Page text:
My concerns with the pitch include the costs involved in the production of the training tool. You mention little about the specifics regarding the time it takes to bring the tool to market and the costs involved. These are very important to mention to a potential investor as if they are private individuals they will most likely be expecting a ROI in the future and I would be interested in seeing a plan on how that will be carried out. Considering you mention the costs are minimal how will revenue be generated, my quick assumption is that CAA drivers will be given this simulation free of charge and other towing companies will be the ones who pay the minimal fees per driver. My suggestions would include somehow initiating the Ministry of Transportation to implement it mandatory to complete the online simulation, that way you can be guaranteed revenue from other outside towing companies.
I agree as you mention some stats on incidences involving towing would strengthen your points. Numbers would make the situation seem more real to me and due to the lack of them…. I’m out.

8 Iris Chan { 12.02.09 at 4:57 am }


Your pitch for tow truck simulations is something I have never even considered before when i think of simulations. Your “hook” at mentioning simulations for the other more common occupations is very true. Why not have simulations for an occupation that shares similar risks and barriers? Very insightful and definitely innovative. I will be interested to see what reactions tow truck drivers would have to this technology. Would they embrace this type of training?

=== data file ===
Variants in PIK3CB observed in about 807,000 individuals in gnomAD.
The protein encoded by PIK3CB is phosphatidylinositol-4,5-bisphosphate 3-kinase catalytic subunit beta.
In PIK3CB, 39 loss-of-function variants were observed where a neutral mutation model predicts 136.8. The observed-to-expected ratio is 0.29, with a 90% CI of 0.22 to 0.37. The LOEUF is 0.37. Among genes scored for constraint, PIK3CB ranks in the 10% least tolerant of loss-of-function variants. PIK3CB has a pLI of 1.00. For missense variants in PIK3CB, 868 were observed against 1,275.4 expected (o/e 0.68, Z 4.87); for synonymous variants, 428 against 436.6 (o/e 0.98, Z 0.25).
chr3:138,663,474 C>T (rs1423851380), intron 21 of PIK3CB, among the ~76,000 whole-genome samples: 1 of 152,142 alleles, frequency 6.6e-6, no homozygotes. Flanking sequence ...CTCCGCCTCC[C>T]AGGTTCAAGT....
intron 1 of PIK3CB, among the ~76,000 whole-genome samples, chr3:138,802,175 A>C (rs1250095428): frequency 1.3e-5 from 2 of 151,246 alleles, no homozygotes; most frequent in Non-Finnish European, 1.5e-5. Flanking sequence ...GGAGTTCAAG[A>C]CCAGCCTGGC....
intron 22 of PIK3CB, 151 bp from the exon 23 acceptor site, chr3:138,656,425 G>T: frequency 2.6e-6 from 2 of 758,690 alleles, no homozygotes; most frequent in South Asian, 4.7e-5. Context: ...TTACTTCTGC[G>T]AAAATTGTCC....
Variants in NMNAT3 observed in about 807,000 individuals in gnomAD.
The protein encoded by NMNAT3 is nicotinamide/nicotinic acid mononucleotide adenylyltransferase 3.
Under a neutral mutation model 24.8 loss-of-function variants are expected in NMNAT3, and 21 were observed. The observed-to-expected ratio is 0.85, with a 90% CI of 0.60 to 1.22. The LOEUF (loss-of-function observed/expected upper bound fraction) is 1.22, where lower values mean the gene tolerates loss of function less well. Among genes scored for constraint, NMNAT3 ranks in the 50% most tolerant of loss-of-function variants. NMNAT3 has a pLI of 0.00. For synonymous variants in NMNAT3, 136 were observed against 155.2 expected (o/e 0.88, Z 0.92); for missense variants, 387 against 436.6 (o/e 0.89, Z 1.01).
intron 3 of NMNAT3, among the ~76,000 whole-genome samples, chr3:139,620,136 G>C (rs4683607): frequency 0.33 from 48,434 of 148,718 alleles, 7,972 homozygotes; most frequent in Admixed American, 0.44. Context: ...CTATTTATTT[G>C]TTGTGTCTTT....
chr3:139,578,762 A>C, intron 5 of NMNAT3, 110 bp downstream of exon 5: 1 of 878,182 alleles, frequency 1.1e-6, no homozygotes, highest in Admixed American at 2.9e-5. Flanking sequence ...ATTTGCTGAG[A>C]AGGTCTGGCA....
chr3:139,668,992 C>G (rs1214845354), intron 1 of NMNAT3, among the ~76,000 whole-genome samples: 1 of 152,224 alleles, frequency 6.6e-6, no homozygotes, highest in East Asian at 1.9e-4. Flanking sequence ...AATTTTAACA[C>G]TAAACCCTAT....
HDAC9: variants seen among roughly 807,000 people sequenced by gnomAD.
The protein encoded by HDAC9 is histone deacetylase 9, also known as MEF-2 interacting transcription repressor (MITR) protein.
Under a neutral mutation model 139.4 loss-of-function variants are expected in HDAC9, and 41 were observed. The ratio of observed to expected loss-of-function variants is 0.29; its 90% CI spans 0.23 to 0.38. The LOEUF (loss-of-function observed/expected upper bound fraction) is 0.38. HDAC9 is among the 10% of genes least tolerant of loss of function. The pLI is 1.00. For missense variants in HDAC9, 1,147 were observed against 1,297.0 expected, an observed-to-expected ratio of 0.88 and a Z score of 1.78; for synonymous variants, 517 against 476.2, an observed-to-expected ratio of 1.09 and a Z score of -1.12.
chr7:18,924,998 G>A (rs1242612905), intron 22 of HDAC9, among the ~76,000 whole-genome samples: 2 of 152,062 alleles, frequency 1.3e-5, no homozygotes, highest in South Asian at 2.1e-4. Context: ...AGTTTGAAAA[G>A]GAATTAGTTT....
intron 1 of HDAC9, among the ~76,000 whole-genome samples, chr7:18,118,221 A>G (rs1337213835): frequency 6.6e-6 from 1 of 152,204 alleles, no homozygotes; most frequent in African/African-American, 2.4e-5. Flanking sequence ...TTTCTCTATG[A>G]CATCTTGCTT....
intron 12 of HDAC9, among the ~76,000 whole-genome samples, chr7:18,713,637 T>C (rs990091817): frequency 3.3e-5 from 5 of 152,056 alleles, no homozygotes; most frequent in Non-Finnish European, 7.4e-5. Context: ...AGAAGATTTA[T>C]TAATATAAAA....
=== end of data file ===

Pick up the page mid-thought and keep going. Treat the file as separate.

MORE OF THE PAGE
9 Eveline Yu { 12.02.09 at 5:45 am }

Cathy – this is an innovative idea and worth pursuing. It is an interesting angle in training tow truck drivers – and yes, if someone happened to tow my car, I would want them to be trained…

I am wondering how closely the simulation will be with the actual physicality of towing the real car… would your simulation have all the equipments as well (steering wheels, brakes, etc.)? Would the simulation be just an online game or would it be an actual truck with a big screen with realistic scenes… Now I’m curious to watch the longer venture pitch. Yes, I’m hooked. I’ll be coming back with more comments. Great work!

10 Marjorie del Mundo { 12.02.09 at 8:12 am }

Cathy, The idea of the tow truck simulation is innovative and unique and should be something necessary for a high-risk job. I also have the same question as others and wonder how many tow truck drivers would be needed to make this work and is there a high demand for this program? I am guessing that the other fields you mentioned have higher numbers of employees, which is what makes simulations more worthwhile for those industries. Like Eveline, I am also curious to know what the actual simulation would look like. It would be great if there was an actual truck and the big screen as she mentioned. I think it is good that the Ministry of Transportation is backing up this type of project since it shows a commitment to vehicle and personal safety. Thank you for this presentation!